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“You’ve Got Mail”
Has never grown stale
For Kathleen Kelly when online.
She loves to discuss
Trivialities that somehow shine.
She does not know
Her chatroom beau
Is bookstore heavyweight Joe Fox.
Her own bookstore
Has charm galore
But can’t compete when conflict knocks.
She is upset
Once they have met,
For he excels at talking smack.
And yet online,
They’re both benign,
Not knowing who is writing back.
When Joe Fox learns
The truth, it burns,
And he just keeps it to himself.
As business slows,
Her store must close,
And Kathleen mourns each empty shelf.
Because love’s growth
Eludes them both,
Joe tries again to be her friend.
Although his strife
Undid her life,
She doesn’t mind more time to spend.
Through days and weeks
And lows and peaks,
Friendship and love begin to bloom.
When truth is told,
They kiss and hold
The one behind the nom de plume.

When it comes to Tom Hanks and Meg Ryan, most people seem to gravitate to Sleepless in Seattle, a great romantic comedy but one that suffers from their almost total lack of contact, despite memorable performances and script. Yet my VC and I have always enjoyed You’ve Got Mail even more. While it is based on a play previously adapted to film twice (1940’s The Shop Around the Corner and 1949’s In the Good Old Summertime), in some cases borrowing scenes line for line, the movie is further enhanced by references and parallels to Pride and Prejudice and Nora Ephron’s legendary dialogue. It’s one of those films I’ve seen so often that I practically know it by heart.

The two romantic leads start off unaware of each other’s existence but for trading impressions and insight via the Internet. Yes, the prominence of AOL’s “You’ve got mail” greeting dates the film, but it’s still an update from the letters used in prior versions of the story. Ryan and Hanks may not get along at first and even trade rather cruel barbs, but both of them exude charm and humor, which is simply more evident when they’re not around each other. Ryan is the underdog, owner of a small bookshop on the Upper West Side of New York; she’s friendly with her employees (Heather Burns, Steve Zahn, and Jean Stapleton) and living with a highly opinionated columnist obsessed with typewriters and himself (Greg Kinnear). Meanwhile, Hanks as Joe Fox is heir to a Barnes-and-Noble-style bookstore chain, full of discounts and lattes and a survival-of-the-cheapest mentality. He is superior to some extent, yet takes time out for his younger kin and seems like an overall decent chap. While it’s obvious that the two of them are on opposite sides, as business rivals, their back-and-forth sparring never overshadows the fact that they’re MFEO (go watch Sleepless in Seattle for clarification).

So much of this film’s success lies in the two lead actors, whose mere glances and tone offer endless amusement. There’s a scene in which their respective dates meet each other and trade unconsciously embarrassing remarks; the expressions on Hanks and Ryan’s faces are priceless. When Fox tries writing a conciliatory e-mail with ridiculous excuses, Hanks milks the unforeseen humor from the BACKSPACE button. When the script requires Ryan to respond with three yeses in a row, she fills each one with growing gravitas. They know how to say their lines perfectly, and luckily they are given plenty of notable lines to say, whether it be the meditations on the significance of Starbucks or The Godfather, the discussion of well-timed zingers, or the hilarious guesses on who the mysterious pen pal could be.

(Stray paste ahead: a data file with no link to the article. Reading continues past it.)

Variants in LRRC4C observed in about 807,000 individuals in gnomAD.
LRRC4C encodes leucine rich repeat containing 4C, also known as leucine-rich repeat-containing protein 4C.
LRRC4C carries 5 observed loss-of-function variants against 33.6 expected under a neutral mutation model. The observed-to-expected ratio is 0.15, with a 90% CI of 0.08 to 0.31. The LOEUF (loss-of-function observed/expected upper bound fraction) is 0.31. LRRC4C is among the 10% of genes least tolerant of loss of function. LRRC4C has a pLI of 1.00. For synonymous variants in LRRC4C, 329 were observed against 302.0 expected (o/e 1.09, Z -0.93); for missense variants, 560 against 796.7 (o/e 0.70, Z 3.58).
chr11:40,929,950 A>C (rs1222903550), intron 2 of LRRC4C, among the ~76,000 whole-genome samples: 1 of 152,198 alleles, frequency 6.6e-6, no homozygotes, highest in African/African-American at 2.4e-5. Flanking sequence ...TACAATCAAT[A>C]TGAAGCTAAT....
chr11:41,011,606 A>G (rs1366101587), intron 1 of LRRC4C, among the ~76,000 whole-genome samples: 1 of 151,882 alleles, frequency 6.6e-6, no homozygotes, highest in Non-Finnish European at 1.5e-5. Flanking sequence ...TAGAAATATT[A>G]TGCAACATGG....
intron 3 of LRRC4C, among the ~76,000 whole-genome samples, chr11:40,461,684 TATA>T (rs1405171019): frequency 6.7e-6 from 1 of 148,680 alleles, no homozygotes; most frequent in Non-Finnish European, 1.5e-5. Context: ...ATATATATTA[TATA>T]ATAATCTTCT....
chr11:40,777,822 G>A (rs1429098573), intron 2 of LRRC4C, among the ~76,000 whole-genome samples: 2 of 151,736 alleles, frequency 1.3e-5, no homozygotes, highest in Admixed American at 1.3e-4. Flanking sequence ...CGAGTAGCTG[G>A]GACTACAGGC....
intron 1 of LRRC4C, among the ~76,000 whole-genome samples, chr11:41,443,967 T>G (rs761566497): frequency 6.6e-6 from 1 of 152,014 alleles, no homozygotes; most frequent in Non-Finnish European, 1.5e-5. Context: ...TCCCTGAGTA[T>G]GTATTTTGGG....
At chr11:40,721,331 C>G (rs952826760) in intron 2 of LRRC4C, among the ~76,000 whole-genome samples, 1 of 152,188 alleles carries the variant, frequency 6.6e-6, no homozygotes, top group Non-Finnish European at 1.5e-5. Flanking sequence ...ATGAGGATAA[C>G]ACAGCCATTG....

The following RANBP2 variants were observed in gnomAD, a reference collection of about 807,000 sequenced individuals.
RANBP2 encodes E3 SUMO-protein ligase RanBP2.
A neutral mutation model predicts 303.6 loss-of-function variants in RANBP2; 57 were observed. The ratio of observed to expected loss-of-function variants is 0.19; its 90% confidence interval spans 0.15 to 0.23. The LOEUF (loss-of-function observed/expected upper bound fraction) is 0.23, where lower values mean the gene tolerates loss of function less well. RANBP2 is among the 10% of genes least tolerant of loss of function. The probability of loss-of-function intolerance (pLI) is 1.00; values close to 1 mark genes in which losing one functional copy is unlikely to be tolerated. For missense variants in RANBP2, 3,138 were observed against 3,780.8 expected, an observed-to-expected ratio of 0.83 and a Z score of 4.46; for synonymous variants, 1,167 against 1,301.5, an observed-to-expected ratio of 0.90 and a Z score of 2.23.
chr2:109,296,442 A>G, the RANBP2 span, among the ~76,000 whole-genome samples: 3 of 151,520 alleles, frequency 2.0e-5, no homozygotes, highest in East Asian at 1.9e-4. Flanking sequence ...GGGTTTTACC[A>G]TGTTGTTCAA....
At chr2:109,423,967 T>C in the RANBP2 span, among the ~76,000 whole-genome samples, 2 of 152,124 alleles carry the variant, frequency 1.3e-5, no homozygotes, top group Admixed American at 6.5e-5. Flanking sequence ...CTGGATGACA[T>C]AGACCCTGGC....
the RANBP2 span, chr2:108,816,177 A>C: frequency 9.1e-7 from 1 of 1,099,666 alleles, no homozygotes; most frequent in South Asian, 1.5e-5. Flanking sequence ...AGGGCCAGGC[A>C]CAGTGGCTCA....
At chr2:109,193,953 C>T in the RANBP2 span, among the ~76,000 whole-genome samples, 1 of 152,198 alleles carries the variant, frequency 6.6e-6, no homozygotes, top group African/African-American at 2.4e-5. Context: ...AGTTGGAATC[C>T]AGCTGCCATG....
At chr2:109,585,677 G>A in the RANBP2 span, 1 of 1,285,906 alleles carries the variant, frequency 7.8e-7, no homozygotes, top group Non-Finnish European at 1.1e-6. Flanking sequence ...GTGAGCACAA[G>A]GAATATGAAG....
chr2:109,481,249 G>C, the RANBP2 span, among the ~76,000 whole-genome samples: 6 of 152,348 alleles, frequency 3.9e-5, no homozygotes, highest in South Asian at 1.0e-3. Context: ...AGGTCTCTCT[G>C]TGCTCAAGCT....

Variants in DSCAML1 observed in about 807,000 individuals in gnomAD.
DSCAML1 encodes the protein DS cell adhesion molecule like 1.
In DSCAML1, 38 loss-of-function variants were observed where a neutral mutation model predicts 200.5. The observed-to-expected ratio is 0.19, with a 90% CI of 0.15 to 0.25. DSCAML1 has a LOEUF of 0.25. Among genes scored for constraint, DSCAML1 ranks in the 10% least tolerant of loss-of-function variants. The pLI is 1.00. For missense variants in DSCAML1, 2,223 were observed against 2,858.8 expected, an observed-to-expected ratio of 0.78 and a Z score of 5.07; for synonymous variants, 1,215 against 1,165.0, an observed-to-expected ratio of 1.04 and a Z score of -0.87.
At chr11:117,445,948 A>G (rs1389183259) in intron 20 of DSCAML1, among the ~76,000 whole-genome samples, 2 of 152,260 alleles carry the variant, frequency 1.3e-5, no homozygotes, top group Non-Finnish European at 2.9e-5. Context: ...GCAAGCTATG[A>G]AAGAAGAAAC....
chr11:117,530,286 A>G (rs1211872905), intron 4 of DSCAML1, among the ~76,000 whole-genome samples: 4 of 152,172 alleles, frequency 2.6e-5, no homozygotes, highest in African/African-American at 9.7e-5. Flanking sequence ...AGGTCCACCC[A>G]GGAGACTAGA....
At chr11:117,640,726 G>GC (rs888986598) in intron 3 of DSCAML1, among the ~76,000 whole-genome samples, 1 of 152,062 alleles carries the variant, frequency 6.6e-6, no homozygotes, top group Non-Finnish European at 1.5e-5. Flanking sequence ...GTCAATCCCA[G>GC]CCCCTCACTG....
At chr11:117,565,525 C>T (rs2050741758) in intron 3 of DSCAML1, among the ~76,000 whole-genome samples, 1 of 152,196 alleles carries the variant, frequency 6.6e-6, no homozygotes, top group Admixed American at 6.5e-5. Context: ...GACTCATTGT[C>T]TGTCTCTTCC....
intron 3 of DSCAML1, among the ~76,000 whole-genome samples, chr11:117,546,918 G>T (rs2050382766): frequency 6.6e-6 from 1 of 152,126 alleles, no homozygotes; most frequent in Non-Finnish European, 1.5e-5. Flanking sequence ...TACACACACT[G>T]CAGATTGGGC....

On top of all that, the film touches on some serious points, like the unstoppable advance of big-name commercialism over small-scale intimacy. Even though Kathleen and her boyfriend deride Fox as “the destroyer of city books,” when she actually visits the superstore, there’s little to dislike about all the “cheap books and legal addictive stimulants” that attract so many. The main fault is a lack of passion and knowledge in the employees (specifically Chris Messina in an early role), the personal customer connection lost amid the endless aisles. I’ll admit I enjoy visiting Barnes & Noble and Books-a-Million (and Borders before they closed), but there’s something special about the well-worn shelves and comforting appeal of the “Shops around the Corner” that are still surviving, as well as a sense of loss when they fold. (See 84 Charing Cross Road for similar themes.)

Full of enduring quotes and droll character moments, You’ve Got Mail is among my favorite romantic comedies, an underseen gem and some of Ephron’s best work.

Best lines: (Kathleen, online) “So much of what I see reminds me of something I read in a book, when shouldn’t it be the other way around?”
(Joe, discussing his handle NY152 with Kathleen) “N-Y-one-five-two. One hundred and fifty-two. He’s a hundred and fifty-two years old. He’s had one hundred and fifty-two moles removed, so now he’s got one hundred fifty-two pock marks on his… on his face.”   (Kathleen) “The number of people who think he looks like Clark Gable.”   (Joe) “One hundred and fifty-two people who think he looks like a Clark Bar.”
(Joe) “I like Patricia. I love Patricia. Patricia makes coffee nervous.”
Rank: 60 out of 60

© 2015 S. G. Liput

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